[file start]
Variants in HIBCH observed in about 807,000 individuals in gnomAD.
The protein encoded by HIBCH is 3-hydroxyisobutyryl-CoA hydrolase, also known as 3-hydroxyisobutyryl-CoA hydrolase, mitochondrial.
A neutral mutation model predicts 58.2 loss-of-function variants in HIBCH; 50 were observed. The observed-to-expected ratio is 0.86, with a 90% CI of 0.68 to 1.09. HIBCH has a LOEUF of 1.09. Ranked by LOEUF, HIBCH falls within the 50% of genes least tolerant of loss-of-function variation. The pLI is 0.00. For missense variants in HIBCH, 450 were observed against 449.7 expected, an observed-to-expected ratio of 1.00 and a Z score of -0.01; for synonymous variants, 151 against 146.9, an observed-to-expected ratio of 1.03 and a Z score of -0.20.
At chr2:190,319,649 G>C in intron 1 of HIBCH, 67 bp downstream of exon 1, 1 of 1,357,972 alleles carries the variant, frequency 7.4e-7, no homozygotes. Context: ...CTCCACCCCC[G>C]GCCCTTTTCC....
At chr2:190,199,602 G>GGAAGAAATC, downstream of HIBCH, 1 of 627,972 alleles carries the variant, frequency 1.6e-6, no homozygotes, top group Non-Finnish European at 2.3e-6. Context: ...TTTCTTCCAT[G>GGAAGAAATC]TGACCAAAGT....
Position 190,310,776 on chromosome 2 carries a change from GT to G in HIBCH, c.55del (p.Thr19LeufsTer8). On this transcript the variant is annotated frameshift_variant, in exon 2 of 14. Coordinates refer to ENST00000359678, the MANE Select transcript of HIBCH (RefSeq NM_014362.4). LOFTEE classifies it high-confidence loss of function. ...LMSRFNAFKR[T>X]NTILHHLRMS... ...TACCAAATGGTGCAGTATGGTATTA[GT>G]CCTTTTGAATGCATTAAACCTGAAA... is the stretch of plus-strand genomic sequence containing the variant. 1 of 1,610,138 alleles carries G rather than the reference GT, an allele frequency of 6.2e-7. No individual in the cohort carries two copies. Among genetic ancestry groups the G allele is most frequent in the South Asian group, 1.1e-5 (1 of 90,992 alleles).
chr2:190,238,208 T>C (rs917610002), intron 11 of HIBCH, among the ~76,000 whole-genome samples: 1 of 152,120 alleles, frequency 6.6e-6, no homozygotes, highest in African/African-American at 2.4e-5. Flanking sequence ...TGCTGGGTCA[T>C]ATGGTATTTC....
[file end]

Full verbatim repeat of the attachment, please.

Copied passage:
Variants in HIBCH observed in about 807,000 individuals in gnomAD.
The protein encoded by HIBCH is 3-hydroxyisobutyryl-CoA hydrolase, also known as 3-hydroxyisobutyryl-CoA hydrolase, mitochondrial.
A neutral mutation model predicts 58.2 loss-of-function variants in HIBCH; 50 were observed. The observed-to-expected ratio is 0.86, with a 90% CI of 0.68 to 1.09. HIBCH has a LOEUF of 1.09. Ranked by LOEUF, HIBCH falls within the 50% of genes least tolerant of loss-of-function variation. The pLI is 0.00. For missense variants in HIBCH, 450 were observed against 449.7 expected, an observed-to-expected ratio of 1.00 and a Z score of -0.01; for synonymous variants, 151 against 146.9, an observed-to-expected ratio of 1.03 and a Z score of -0.20.
At chr2:190,319,649 G>C in intron 1 of HIBCH, 67 bp downstream of exon 1, 1 of 1,357,972 alleles carries the variant, frequency 7.4e-7, no homozygotes. Context: ...CTCCACCCCC[G>C]GCCCTTTTCC....
At chr2:190,199,602 G>GGAAGAAATC, downstream of HIBCH, 1 of 627,972 alleles carries the variant, frequency 1.6e-6, no homozygotes, top group Non-Finnish European at 2.3e-6. Context: ...TTTCTTCCAT[G>GGAAGAAATC]TGACCAAAGT....
Position 190,310,776 on chromosome 2 carries a change from GT to G in HIBCH, c.55del (p.Thr19LeufsTer8). On this transcript the variant is annotated frameshift_variant, in exon 2 of 14. Coordinates refer to ENST00000359678, the MANE Select transcript of HIBCH (RefSeq NM_014362.4). LOFTEE classifies it high-confidence loss of function. ...LMSRFNAFKR[T>X]NTILHHLRMS... ...TACCAAATGGTGCAGTATGGTATTA[GT>G]CCTTTTGAATGCATTAAACCTGAAA... is the stretch of plus-strand genomic sequence containing the variant. 1 of 1,610,138 alleles carries G rather than the reference GT, an allele frequency of 6.2e-7. No individual in the cohort carries two copies. Among genetic ancestry groups the G allele is most frequent in the South Asian group, 1.1e-5 (1 of 90,992 alleles).
chr2:190,238,208 T>C (rs917610002), intron 11 of HIBCH, among the ~76,000 whole-genome samples: 1 of 152,120 alleles, frequency 6.6e-6, no homozygotes, highest in African/African-American at 2.4e-5. Flanking sequence ...TGCTGGGTCA[T>C]ATGGTATTTC....